A scramble for COVID-19 vaccines has broken out among some of the world’s wealthiest nations. This is understandable — but too narrow a focus on their own needs is shortsighted as well as ethically wrong. Letting the pandemic rage on in poorer parts of the world will imperil their own efforts to end the emergency. Self-interest aligns with what should be a moral imperative. Increasing the supply of vaccines for everybody needs to be given a much higher priority.
The European Union recently took a controversial step to secure doses for its citizens, restricting the export of vaccines until its own orders have been met. But the rich world in general has done what it can to corner scarce supplies. More than half of the 12.5 billion doses planned for delivery this year are spoken for, mostly by developed nations.
Canada has bought enough to vaccinate its population five times over. Poor nations can hope to inoculate only a fraction of their populations this year. If current trends hold, many won’t complete their vaccinations until 2024.
Allowing the pandemic to continue uncurbed across much of the globe would be unforgivable — and, it must be emphasized, dangerous for everyone. It greatly increases the risk of deadly new strains, and if these prove resistant to current vaccines, even fully inoculated countries might suffer new surges. In addition, persistent global economic dislocation will weigh on the rich countries’ recoveries. Helping poorer countries cope is the smart thing to do, as well as the right thing to do.
The success of additional vaccine candidates will help to expand potential supply, but manufacturing capacity will continue to pose a problem. How best to ramp up production?
A group of countries led by India and South Africa is pushing for intellectual property rights for COVID-19 vaccines to be waived during the pandemic. But greater output requires technology as well as access to intellectual property.
It would be better to recruit the vaccine makers as willing allies — both in scaling up their own manufacturing as quickly as possible and in forming partnerships with other producers. Drugmakers lacking viable COVID-19 vaccines of their own should come forward to produce under contract, as Sanofi has begun to do for Pfizer and BioNTech. Rich countries could use their financial muscle to encourage this.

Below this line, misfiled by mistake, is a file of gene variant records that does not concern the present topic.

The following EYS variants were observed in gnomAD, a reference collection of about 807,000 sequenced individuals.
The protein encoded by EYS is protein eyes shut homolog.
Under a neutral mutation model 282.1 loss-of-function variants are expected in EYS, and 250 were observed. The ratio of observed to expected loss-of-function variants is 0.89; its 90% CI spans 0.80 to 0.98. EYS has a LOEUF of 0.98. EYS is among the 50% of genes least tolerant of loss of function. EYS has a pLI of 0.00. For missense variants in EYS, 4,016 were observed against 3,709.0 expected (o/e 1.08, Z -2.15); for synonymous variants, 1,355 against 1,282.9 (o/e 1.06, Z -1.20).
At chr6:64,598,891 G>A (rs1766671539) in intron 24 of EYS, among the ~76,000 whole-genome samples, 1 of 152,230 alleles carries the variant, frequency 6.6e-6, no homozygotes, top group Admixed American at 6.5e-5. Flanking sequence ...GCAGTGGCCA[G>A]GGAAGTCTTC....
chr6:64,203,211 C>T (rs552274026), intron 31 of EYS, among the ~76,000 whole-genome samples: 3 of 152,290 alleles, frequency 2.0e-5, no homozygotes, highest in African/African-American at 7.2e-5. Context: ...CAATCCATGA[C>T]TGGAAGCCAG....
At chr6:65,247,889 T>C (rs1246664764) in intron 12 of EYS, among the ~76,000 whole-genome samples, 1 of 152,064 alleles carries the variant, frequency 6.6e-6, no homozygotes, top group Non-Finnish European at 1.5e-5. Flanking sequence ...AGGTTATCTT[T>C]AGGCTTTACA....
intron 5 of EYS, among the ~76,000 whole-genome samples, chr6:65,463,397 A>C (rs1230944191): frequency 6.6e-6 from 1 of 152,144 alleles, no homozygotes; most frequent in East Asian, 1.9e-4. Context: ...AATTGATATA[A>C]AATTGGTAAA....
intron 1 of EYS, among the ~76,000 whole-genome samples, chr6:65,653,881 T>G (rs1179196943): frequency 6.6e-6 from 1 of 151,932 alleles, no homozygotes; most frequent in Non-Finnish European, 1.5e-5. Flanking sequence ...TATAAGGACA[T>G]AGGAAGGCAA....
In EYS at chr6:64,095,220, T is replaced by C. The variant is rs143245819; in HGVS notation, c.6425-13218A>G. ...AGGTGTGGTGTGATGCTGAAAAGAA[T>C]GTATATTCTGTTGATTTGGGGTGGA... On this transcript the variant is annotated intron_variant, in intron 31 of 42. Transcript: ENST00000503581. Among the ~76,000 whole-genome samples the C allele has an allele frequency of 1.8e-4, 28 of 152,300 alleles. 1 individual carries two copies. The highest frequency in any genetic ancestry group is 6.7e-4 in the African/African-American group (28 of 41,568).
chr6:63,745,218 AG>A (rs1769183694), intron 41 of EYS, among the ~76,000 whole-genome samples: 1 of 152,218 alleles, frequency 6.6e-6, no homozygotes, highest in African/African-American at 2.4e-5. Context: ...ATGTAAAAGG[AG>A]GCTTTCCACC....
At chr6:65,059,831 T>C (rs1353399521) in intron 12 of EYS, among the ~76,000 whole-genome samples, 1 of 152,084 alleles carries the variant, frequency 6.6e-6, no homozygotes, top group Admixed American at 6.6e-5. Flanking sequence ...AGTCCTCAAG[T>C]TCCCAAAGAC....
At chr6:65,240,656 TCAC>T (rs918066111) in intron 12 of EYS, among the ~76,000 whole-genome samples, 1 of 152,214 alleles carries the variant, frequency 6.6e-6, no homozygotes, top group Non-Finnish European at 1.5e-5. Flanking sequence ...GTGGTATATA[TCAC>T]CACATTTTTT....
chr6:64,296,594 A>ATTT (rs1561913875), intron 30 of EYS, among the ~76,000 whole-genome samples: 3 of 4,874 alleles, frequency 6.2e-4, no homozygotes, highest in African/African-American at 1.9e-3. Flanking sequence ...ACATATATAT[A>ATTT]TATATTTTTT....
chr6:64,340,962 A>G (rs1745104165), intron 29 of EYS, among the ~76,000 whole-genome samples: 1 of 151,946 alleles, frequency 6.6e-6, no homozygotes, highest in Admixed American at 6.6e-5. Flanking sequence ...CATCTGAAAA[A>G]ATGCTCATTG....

China, Russia and India should provide more data about their own vaccines and subject them to further vetting by the World Health Organization, so they can be used more widely. (A study recently found the Russian vaccine to be highly effective.) A clearinghouse for information about the global vaccine supply chain would help governments to identify bottlenecks and head off delays.
In grappling with all these challenges, what’s needed most is global leadership and coordination. The G-7 should take on a role like that played by the U.S. government in Operation Warp Speed — working directly with pharmaceutical companies to tap unused vaccine-making capacity around the world, and helping set up supply and distribution networks.
Fully funding the WHO’s Covax program would provide the money companies will need to scale up production, including to upgrade facilities, train staff, and procure antigens, vials and syringes. The cost could be substantial — but only a fraction of what rich countries will lose if the pandemic goes unchecked.
Such efforts are not at the front of governments’ minds. They should be. If ever there were a moment for ambitious and effective global action, it’s now.
The Bloomberg Opinion editorial board.
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